Our picks of the best flicks, music and stuff to read this month.
Condensing Stephen King’s petrifying cult novel down to a lean and no-doubt-mean 135 minutes, the silver screen adaptation (pictured top) follows a small town group of kids (The Loser Club) in Maine terrorised by an evil force who takes the form of malevolent, red balloon-bearing clown Pennywise. There’s some serious pedigree behind this one; in addition to springing from the twisted mind of master of fright-writing King, it’s directed by Andy Muschietti (Mama), and has a screenplay co-written by Cary Fukunaga, who kept the tension ratcheted up as the mastermind behind HBO’s True Detective. Coulrophobia or not, this seems set to be a genuine armrest-gripper, plan to avoid circuses and children’s birthday parties for a while.
With a top-notch cast of Kiwis (including Melanie Lynskey and Lucy Lawless) joined by UK legend Timothy Spall, a post-quake Christchurch setting and Carnegie-medal winning source material from one of the city’s most internationally-acclaimed writers (Margaret Mahy), this is surely a movie that should set local theatre attendance records, and is looking like one of the biggest New Zealand films of the year full stop (with a hometown premiere scheduled, to boot).
Set in the frozen wasteland of Wind River Indian Reservation in Wyoming, this chilling modern-day western (with a nod to Silence of the Lambs) sees a rookie FBI agent (Elizabeth Olsen) teaming up with a damaged predator tracker (Jeremy Renner) to investigate the disturbing murder of local girl. Switching to hunting human predators, Renner’s character is a masterclass in broody intensity, ably helping the out-of-her-depth Olsen who’s been flown in from Vegas. Actor-turned-director Taylor Sheridan’s debut is an assured crime thriller based on a truly horrifying fact that will stick with you long after the credits have finished rolling.
DVD: Pecking Order
Obsession, enthusiasm and the competitive spirit are all on fine-feathered display in winning Kiwi doco Pecking Order. Members of Christchurch’s own Poultry, Bantam and Pigeon Club deal with an upset during their preparations for the Nationals where ribbons are everything and those that don’t get results are in danger of ending up on the dinner table.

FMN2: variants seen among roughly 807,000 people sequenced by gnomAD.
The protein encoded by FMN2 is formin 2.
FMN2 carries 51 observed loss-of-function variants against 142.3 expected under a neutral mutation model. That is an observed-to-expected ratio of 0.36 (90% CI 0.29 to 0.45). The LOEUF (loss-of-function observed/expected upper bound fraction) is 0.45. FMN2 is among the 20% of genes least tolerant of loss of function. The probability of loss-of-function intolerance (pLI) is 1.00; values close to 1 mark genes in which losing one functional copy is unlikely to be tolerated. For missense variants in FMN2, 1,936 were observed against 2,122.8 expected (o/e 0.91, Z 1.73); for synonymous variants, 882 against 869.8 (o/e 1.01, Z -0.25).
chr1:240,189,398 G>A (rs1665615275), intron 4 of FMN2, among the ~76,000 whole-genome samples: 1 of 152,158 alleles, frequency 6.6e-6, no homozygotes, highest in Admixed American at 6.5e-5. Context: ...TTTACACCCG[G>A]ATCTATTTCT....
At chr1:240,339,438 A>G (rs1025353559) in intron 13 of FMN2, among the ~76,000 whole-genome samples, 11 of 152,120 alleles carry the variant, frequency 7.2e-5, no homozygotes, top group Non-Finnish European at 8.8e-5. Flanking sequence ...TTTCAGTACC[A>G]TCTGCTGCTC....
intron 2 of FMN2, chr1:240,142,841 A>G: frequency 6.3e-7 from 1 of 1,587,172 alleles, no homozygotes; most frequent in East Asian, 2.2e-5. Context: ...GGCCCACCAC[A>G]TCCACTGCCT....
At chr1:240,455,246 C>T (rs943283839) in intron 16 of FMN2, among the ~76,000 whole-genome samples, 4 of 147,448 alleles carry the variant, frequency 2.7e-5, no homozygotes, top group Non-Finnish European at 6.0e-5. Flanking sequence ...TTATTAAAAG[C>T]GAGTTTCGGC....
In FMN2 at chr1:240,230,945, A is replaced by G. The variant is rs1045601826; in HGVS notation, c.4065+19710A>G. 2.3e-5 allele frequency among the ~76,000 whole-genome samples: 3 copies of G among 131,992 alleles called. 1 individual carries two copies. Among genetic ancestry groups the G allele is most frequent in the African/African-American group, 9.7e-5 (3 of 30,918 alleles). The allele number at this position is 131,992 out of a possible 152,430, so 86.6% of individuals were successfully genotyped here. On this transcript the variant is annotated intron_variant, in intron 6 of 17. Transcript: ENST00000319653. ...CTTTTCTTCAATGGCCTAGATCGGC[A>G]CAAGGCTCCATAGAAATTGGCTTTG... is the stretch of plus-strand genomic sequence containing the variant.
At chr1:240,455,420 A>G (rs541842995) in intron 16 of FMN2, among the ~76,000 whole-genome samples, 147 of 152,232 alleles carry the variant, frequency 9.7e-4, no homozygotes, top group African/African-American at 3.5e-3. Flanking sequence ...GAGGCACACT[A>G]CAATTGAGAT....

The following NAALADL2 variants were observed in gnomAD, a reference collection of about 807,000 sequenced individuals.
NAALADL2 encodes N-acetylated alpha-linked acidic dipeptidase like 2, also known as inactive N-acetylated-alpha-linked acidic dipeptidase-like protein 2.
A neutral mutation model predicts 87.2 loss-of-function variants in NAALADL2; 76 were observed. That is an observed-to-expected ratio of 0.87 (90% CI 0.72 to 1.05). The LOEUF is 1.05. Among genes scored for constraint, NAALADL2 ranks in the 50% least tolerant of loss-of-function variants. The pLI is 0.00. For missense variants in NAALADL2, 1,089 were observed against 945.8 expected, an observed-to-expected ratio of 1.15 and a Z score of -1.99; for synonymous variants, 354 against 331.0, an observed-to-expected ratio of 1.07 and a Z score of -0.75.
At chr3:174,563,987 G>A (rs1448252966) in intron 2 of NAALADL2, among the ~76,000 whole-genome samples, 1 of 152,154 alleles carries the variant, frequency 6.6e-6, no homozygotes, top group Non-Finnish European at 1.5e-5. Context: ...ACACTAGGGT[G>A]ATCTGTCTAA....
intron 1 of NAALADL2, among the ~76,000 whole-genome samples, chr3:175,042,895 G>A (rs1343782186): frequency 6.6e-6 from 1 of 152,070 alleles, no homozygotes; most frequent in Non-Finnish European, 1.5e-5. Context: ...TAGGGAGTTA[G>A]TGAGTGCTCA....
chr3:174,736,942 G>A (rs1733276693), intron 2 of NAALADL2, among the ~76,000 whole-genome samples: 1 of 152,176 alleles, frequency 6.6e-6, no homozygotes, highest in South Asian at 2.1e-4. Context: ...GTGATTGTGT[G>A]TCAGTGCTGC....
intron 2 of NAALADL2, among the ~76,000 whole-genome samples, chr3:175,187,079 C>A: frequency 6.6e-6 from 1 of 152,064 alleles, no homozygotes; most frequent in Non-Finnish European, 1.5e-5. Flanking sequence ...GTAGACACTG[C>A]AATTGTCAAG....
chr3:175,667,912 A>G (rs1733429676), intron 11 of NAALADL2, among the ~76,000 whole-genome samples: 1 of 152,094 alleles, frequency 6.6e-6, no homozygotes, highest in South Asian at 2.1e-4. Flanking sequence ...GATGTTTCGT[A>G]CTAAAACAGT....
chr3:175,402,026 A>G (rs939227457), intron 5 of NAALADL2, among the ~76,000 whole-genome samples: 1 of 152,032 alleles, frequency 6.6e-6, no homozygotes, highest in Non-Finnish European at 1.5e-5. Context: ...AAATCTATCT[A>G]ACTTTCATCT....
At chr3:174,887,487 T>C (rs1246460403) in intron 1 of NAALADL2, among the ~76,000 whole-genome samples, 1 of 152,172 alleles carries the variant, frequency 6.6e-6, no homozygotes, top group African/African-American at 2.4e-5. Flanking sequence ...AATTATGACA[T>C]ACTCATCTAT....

Villains, Queens of the Stone Age
Many may have thought the team-up between Queens of the Stone Age and super-producer Mark Ronson (the man behind Amy Winehouse’s ‘Valerie’ and Bruno Mars’ ‘Uptown Funk’) a bit of an unlikely one, but the pairing pays dividends on the new Villains. Maxing out QOTSA’s long underlying tendencies to get a little bit groovy; the album sets the tone with the dance-floor swagger of ‘Feet Don’t Fail Me’, the zippy ‘Head like a Haunted House’ house is a zippy crowd-pleaser, while high rotation radio single ‘The Way You Used To Do’ is the band channelled via The Cherry Poppin’ Daddies. Once again, the ever evolving QOTSA make rock sound minty fresh.
The Truth and Other People, Decades
Decades’ major-label debut album tells the chronological story of a break up, a catharsis of sorts for band members Emma and Liam, who had both recently experienced heartbreak in their own lives. It launches with the aggressive, riff-driven rock track of single ‘Terrified’, which sets the tone for the rest of the album; fresh, powerful, passionate and built solidly with walls of guitar, with Cameron’s vocals able to soar over the top to provide both gritty angst and delicate feeling as needed, offering the release that the album’s subject matter cries out for. Rock fans will want to pick this one up; this is a Christchurch band bound for the top.
Beautiful Trauma, Pink
Expect fireworks when Pink’s long-awaited (it’s been 5 years since The Truth About Love – 5 years!) seventh studio album, Beautiful Trauma, drops in October. The pop icon’s been taking a break to focus on her family, but new chart-topping single ‘What About Us’ shows that her skills have stayed sharp, and early talk of the album speaks of another fierce statement that will only further this musical force of nature’s rep for raw authenticity.
The killer tracks on high-rotation in the Cityscape office.
Every Where is Some Where
'In Cold Blood'
The Ministry of Utmost Happiness, Arundhati Roy
Dipping back into the literary pool after taking out the Booker prize with her stunning debut The God of Small Things in 1997, Roy’s sublime storytelling is back full force with an achingly humane novel of exceptional power and potency.
Working Class Boy, Jimmy Barnes
Cold Chisel frontman and Ozrock legend, Jimmy Barnes’ Working Class Boy is a powerful reflection on a traumatic and violent childhood, this is the warts-and-all rock and roll story of how Scottish immigrant James Swan became Jimmy Barnes.